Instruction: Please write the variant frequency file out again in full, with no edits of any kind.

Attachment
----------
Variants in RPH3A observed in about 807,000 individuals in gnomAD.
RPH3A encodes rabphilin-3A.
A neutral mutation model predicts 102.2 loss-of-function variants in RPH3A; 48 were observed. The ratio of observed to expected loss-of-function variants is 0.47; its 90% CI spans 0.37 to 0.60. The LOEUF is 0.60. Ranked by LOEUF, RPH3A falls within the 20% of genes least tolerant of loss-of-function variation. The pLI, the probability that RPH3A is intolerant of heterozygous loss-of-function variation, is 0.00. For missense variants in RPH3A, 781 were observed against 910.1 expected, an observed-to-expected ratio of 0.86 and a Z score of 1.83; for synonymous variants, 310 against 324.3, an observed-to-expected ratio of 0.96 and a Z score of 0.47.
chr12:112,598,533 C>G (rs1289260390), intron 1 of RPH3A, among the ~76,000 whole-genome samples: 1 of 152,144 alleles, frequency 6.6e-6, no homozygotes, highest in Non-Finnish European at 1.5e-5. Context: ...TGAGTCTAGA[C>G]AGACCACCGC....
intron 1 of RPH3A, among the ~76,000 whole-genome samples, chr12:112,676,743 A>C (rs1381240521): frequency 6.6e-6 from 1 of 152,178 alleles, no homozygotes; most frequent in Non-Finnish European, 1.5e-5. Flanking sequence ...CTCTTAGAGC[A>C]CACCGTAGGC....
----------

Variants in RPH3A observed in about 807,000 individuals in gnomAD.
RPH3A encodes rabphilin-3A.
A neutral mutation model predicts 102.2 loss-of-function variants in RPH3A; 48 were observed. The ratio of observed to expected loss-of-function variants is 0.47; its 90% CI spans 0.37 to 0.60. The LOEUF is 0.60. Ranked by LOEUF, RPH3A falls within the 20% of genes least tolerant of loss-of-function variation. The pLI, the probability that RPH3A is intolerant of heterozygous loss-of-function variation, is 0.00. For missense variants in RPH3A, 781 were observed against 910.1 expected, an observed-to-expected ratio of 0.86 and a Z score of 1.83; for synonymous variants, 310 against 324.3, an observed-to-expected ratio of 0.96 and a Z score of 0.47.
chr12:112,598,533 C>G (rs1289260390), intron 1 of RPH3A, among the ~76,000 whole-genome samples: 1 of 152,144 alleles, frequency 6.6e-6, no homozygotes, highest in Non-Finnish European at 1.5e-5. Context: ...TGAGTCTAGA[C>G]AGACCACCGC....
intron 1 of RPH3A, among the ~76,000 whole-genome samples, chr12:112,676,743 A>C (rs1381240521): frequency 6.6e-6 from 1 of 152,178 alleles, no homozygotes; most frequent in Non-Finnish European, 1.5e-5. Flanking sequence ...CTCTTAGAGC[A>C]CACCGTAGGC....